Surely, we can all agree that this text rightly belongs in that catalog of sacred writings that the apostle Peter refers to as the hard sayings of the apostle Paul (2Pet.3:16 / things hard to understand). The context of Peter's words about Paul's words are found in Peter's writings concerning eschatological matters. Peter writes in 2Pet.3:3 & 13 - - Know this first of all, that in the last days mockers will come their mocking, following after their own lusts, and saying, 'Where is the promise of His coming?' ... According to His promise we are looking for new heavens and a new earth, in which righteousness dwells.
It's no surprise that Peter writes about eschatology: Jesus commissioned the twelve to tell others what He told them. Likewise, we're not shocked when we encounter considerable eschatological teachings from the apostle Paul. Neither are we dumbfounded to hear Peter say that Paul could sometimes be hard to understand. In fact, Peter's frankness is quite encouraging: it helps to know that Paul's teachings even stretched the other apostles.
What might catch us off guard is the realization that Rom.8:28 is anchored in eschatology.
Personally, I have found a number of Paul's writings to be hard to understand. Paul often goes deep. And perhaps nowhere does he plow as deeply as he does in Romans. Read Rom.7 and tell me that it doesn't make your head spin! And, just in case you hadn't noticed, Rom.7 is the launching pad for Rom.9, 10 & 11. Wretched man that I am! Who will set me free from the body of this death? (Rom.7:24). And it is here,wedged right between Rom.7 and Rom.9, 10 & 11, that we find Romans 8. And it is somewhere near the middle of Rom.8 that we find Rom.8:28. The best way to approach Rom.8:28 is to ask, WHAT DID PAUL ORIGINALLY MEAN WHEN HE WROTE THIS VERSE? One often-overlooked hermeneutical guidepost states, “a passage can never mean what it never meant”. On some levels, as we seek to make modern-day applications, we might flirt with debating these words. Yet, for the most part we get it - - this is an integral part of asking the who, what, when, where and why questions.
Now imagine with me that you are among a faithful group of Jewish Christians receiving Paul's letter. First-century saints eagerly awaited the completion of the second portion of Jesus' ministry (which came by means of The Holy Spirit during Israel's last days). This key time period in redemptive history serves to put a capstone of the work of Christ. In the New Testament the completion of this important work is expressed by the fulfillment of “all things”.
Here are seven “all-things” passages that most New Testament students have failed to connect.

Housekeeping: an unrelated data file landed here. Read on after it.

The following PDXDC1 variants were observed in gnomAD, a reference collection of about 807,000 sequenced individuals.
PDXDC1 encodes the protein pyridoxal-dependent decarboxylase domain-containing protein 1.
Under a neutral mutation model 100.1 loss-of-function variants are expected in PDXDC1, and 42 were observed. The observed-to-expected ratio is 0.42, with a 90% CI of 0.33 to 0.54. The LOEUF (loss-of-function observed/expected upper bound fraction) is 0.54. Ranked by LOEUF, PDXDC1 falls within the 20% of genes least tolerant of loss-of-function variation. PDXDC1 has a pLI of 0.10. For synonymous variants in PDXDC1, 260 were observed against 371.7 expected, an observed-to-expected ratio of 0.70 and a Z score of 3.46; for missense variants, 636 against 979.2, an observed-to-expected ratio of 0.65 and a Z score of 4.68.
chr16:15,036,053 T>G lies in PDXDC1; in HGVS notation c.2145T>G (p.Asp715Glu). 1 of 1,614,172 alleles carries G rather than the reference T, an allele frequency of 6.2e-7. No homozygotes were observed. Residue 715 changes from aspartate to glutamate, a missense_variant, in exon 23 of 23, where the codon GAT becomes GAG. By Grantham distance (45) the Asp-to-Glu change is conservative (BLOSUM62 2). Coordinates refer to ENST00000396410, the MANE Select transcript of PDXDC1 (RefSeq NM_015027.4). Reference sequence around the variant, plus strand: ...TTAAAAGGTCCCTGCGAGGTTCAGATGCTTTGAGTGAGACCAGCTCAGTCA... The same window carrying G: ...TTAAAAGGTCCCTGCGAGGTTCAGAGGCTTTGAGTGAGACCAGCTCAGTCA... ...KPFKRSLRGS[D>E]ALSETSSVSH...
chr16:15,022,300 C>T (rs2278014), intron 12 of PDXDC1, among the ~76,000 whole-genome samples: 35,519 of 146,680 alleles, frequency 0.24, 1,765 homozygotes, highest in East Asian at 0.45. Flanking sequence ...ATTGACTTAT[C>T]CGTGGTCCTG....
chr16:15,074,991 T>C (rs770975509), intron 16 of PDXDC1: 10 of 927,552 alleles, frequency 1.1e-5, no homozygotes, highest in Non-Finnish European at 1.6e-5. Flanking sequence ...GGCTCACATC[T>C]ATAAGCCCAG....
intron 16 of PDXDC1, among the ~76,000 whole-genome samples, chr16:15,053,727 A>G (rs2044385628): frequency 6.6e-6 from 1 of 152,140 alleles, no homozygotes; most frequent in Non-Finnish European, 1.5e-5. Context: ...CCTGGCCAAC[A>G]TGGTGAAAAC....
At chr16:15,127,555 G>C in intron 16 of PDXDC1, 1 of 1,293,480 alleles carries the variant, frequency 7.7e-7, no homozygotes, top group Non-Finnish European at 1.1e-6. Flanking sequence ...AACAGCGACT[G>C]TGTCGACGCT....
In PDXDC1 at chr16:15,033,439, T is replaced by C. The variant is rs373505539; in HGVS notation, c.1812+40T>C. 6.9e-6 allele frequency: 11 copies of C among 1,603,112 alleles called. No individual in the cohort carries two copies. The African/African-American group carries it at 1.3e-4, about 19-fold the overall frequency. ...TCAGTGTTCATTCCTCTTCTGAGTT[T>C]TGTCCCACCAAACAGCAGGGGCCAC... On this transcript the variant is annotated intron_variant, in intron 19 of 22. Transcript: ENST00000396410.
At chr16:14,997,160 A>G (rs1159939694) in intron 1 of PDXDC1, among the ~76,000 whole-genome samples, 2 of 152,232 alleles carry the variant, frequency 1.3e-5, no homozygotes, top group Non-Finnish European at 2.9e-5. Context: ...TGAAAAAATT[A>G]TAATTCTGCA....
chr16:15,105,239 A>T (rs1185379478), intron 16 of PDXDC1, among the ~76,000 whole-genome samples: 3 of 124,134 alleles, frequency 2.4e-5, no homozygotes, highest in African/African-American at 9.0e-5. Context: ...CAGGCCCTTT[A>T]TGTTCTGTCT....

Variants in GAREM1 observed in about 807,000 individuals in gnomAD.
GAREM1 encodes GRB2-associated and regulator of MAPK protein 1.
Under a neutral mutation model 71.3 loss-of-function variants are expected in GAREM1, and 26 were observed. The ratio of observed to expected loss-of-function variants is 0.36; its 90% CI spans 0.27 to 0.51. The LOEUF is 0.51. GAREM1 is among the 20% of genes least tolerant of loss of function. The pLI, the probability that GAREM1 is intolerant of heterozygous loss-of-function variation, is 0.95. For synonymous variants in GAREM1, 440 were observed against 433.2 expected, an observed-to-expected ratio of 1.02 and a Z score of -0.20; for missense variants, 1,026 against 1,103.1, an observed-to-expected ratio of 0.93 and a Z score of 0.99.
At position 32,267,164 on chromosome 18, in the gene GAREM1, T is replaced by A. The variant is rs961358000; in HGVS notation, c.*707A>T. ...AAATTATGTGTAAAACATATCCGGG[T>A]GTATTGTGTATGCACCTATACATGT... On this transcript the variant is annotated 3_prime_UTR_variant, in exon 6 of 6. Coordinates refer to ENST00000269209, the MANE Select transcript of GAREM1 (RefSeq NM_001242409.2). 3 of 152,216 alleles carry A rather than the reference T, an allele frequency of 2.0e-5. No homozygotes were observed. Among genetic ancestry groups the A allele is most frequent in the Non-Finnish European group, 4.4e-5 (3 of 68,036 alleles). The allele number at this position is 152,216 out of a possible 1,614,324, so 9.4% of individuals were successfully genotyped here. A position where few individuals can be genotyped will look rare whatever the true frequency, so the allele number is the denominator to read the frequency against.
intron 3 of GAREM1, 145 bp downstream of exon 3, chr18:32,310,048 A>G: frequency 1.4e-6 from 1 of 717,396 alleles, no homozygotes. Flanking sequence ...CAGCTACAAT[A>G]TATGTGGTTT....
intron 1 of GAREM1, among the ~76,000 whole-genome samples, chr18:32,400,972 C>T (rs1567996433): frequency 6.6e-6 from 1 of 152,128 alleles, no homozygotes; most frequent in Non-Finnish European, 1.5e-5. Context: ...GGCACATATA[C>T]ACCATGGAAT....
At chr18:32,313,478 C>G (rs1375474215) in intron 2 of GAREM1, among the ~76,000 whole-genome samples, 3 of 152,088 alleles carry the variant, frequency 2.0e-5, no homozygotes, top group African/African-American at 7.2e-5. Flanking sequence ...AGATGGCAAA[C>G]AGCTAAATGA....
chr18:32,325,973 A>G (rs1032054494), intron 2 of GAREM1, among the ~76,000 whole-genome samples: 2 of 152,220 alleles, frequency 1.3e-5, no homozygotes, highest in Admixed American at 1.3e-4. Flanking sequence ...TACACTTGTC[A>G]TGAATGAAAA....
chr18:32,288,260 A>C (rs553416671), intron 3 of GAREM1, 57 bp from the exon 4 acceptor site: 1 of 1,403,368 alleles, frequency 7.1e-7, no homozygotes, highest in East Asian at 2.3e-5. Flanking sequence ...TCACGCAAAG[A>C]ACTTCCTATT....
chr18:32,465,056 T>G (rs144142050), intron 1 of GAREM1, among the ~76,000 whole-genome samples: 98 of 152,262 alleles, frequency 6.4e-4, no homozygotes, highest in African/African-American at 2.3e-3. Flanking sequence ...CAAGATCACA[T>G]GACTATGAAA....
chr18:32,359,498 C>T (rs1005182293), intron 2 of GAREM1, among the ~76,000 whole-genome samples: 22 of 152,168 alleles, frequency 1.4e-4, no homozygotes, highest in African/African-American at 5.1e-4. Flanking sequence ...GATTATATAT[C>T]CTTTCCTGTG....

This is a much-needed, connect-the-dots exercise that will help us greatly in properly grasping eschatology. Lk.21:22 / these are the days of vengeance, in which all things which are written must be fulfiled. ... Lk.24:44 / these are My words which I spoke to you while I was still with you, that all things which are written about Me in the Law of Moses and the prophets and the Psalms must be fulfilled. ... Acts 3:19-21 / repent therefore and return, that yours sins may be wiped away, in order that times of refreshing may come from the presence of the Lord; that He may send Jesus, the Christ appointed for you, whom heaven must receive until the period of restoration of all things about which God spoke by the mouth of His holy prophets. ... 1Cor.15:28 / when all things are subjected to (Christ), then the Son Himself also will be subjected to the One who subjected all things to Him, that God may be all in all. cf. 1Cor.15:24ff. ... 1Pet.4:7 / the end of all things is at hand. ... Rev.21:5 / He who sits on the throne said, 'behold, I am making all things new. ... Rom.8:28 / we know that God causes all things to work together for good to those that love the Lord... In the text before, Paul is reaffirming God's faithfulness in securing the arrival of the New covenant world. Notice again the location of this wonderful Rom.8:28 passage. In Rom.8:18f, Paul writes - - For I consider that the sufferings of this present time are not worthy to be compared with the glory that is to be revealed to us. For the anxious longing of the creation waits eagerly for the revelation of the sons of God...for the whole creation groans and suffers the pains of childbirth together until now. These early saints were foreordained to be conformed to the image of God's son (Rom.8:29). Heb.5:8 states, although He was a Son, He learned obedience through the things which He suffered. As first-fruit Christians (Js.1:19), they were destined to follow in the steps of Jesus (1Pet.2:21) - - You have been called for this purpose, since Christ also suffered for you, leaving you an example for you to follow in His steps. In Ro.11:25f, Paul summarizes - - For I do not want you to be uninformed of this mystery, lest you be wise in your own estimation, that a partial hardening has happened to Israel until the fulness of the Gentiles has come in...For God has shut up all in disobedience that He might show mercy to all. Oh, the depth and the riches both of the wisdom and knowledge of God! How unsearchable are His judgments and unfathomable His ways!...For from Him and through Him and to Him are all things. To Him be the glory forever. Amen.